I absolutely believe that the act of blogging, and interacting with the good people in the blogging world, was integral to my learning how to be successful with money during that same timespan as well! There are so many resources that could become overwhelming but over the years, I learned to distill the raw information into useful actions that directly translated into promotions, raises, forays into investing, learning to be diligent about saving and controlling lifestyle inflation. In my own social and familial circles, I would never have learned half the things I know now.
It’s so true! I think the personal ties and connections in the blogging community make it feel so much more achievable than articles in the newspaper or even books. Finding fellow bloggers and commenters with similar goals makes you think “if they can do it I can do it too.” I gathered the information that would help me personally and left the other stuff behind. It sounds like your experience has been similar. Plus I’ve met amazing people along the way!
Not sure how I missed this post, but I love it! The only part I don’t love is that you can’t tag Newlyweds on A Budget because she isn’t blogging any more 🙁 I’ve definitely seen this play out in my last two years of blogging as well though.
Isn’t it crazy how much you start thinking about money once you start writing about it? I mean intuitively it makes perfect sense, but it’s still hard for me to believe how much of an impact it’s made on my life and my decisions. I’m so glad you are seeing the effects too!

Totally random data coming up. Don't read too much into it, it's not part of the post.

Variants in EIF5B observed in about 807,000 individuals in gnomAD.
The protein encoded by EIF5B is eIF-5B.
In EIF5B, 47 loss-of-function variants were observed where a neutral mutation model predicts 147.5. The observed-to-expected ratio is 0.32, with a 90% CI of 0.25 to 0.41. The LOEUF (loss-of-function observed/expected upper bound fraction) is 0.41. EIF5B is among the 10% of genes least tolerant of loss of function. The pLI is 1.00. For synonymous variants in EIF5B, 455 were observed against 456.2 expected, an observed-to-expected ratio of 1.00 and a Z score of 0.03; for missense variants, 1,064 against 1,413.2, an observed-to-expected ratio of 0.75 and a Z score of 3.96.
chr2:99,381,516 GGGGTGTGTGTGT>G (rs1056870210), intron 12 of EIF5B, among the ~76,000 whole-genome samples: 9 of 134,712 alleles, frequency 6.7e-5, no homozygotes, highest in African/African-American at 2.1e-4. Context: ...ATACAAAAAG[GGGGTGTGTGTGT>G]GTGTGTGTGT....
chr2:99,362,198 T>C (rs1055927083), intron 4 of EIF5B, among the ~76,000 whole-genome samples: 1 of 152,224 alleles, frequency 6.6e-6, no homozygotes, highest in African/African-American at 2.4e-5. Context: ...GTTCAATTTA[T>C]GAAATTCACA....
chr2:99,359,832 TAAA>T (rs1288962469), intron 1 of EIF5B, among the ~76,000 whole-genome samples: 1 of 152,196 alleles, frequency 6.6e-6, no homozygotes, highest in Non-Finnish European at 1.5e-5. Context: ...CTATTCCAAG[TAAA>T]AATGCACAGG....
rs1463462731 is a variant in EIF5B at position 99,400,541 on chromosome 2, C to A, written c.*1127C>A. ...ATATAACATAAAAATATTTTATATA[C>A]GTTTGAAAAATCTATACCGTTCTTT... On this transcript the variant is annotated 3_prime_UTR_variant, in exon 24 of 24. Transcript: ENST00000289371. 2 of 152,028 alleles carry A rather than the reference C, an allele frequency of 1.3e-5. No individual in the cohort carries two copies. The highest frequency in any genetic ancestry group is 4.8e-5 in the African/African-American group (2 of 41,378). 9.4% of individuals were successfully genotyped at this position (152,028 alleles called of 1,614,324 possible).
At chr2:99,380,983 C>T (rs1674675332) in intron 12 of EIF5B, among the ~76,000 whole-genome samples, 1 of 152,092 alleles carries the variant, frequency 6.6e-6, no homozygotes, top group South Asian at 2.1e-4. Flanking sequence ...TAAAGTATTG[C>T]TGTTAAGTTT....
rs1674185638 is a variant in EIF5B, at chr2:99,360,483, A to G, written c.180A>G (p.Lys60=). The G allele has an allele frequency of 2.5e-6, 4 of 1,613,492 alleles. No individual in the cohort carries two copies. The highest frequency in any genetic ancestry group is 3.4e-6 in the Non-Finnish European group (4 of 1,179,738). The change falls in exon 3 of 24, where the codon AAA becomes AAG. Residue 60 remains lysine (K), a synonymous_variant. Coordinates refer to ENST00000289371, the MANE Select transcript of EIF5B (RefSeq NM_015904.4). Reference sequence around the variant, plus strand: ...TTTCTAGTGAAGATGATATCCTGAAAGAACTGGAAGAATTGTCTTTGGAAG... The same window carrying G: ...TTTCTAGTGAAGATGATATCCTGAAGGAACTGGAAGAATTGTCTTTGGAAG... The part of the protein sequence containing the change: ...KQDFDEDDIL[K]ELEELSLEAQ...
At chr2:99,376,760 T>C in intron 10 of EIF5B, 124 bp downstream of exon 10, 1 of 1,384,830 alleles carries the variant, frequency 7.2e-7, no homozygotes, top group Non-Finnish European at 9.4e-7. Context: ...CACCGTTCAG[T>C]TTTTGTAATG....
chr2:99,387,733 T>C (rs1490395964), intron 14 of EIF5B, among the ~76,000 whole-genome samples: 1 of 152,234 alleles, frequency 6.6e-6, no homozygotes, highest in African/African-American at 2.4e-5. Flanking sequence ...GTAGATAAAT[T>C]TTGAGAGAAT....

Thank you for this intimate share. Or at least I find it intimate as I can relate. I’ve been experiencing a transition in the content of my blog. Wondering if I should simply start from scratch or let it continue to evolve as I myself continue to evolve.
The work put in is meaningful and in some ways masterful as it’s a part of my authentic self as shared with others. So with that and reading how you accepted the change as it occurred with your content. I’m inclined to do the same, just let the content continue to flow forth as life continues to evolve. With the intent to continue to write with authenticity.
I agree. Let the content flow with authenticity. I blog to tell my story. It’s still more of an online journal than a soapbox for me.
Well said. I feel the same about my blog, it has become a place to focus my thoughts and has allowed me to be visible and connect more with like minded people. Just because of that, more people should start blogging 🙂
I wholeheartedly agree! A journal is another great way to document your thoughts, but blogging is more valuable since it brings other voices into the chorus.